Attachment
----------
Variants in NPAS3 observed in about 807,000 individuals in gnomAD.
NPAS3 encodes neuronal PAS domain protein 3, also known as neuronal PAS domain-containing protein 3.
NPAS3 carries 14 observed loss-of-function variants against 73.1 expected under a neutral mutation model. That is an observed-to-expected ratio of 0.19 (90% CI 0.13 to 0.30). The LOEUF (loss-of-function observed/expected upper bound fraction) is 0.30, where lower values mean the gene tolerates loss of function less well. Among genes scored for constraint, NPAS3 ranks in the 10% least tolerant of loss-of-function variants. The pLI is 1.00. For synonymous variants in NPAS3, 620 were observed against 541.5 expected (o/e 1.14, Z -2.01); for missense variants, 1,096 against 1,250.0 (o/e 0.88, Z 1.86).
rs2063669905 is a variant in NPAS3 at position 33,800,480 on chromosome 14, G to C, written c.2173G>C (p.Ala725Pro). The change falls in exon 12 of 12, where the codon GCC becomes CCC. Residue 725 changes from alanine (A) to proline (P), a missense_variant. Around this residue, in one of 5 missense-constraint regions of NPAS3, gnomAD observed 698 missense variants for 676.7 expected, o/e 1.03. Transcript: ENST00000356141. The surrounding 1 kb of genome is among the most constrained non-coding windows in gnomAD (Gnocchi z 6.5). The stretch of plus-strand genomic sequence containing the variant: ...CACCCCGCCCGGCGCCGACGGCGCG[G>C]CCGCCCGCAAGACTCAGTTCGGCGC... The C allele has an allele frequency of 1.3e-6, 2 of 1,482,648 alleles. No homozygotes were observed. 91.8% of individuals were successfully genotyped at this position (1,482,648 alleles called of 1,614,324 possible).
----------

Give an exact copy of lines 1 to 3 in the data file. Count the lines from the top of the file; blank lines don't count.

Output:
Variants in NPAS3 observed in about 807,000 individuals in gnomAD.
NPAS3 encodes neuronal PAS domain protein 3, also known as neuronal PAS domain-containing protein 3.
NPAS3 carries 14 observed loss-of-function variants against 73.1 expected under a neutral mutation model. That is an observed-to-expected ratio of 0.19 (90% CI 0.13 to 0.30). The LOEUF (loss-of-function observed/expected upper bound fraction) is 0.30, where lower values mean the gene tolerates loss of function less well. Among genes scored for constraint, NPAS3 ranks in the 10% least tolerant of loss-of-function variants. The pLI is 1.00. For synonymous variants in NPAS3, 620 were observed against 541.5 expected (o/e 1.14, Z -2.01); for missense variants, 1,096 against 1,250.0 (o/e 0.88, Z 1.86).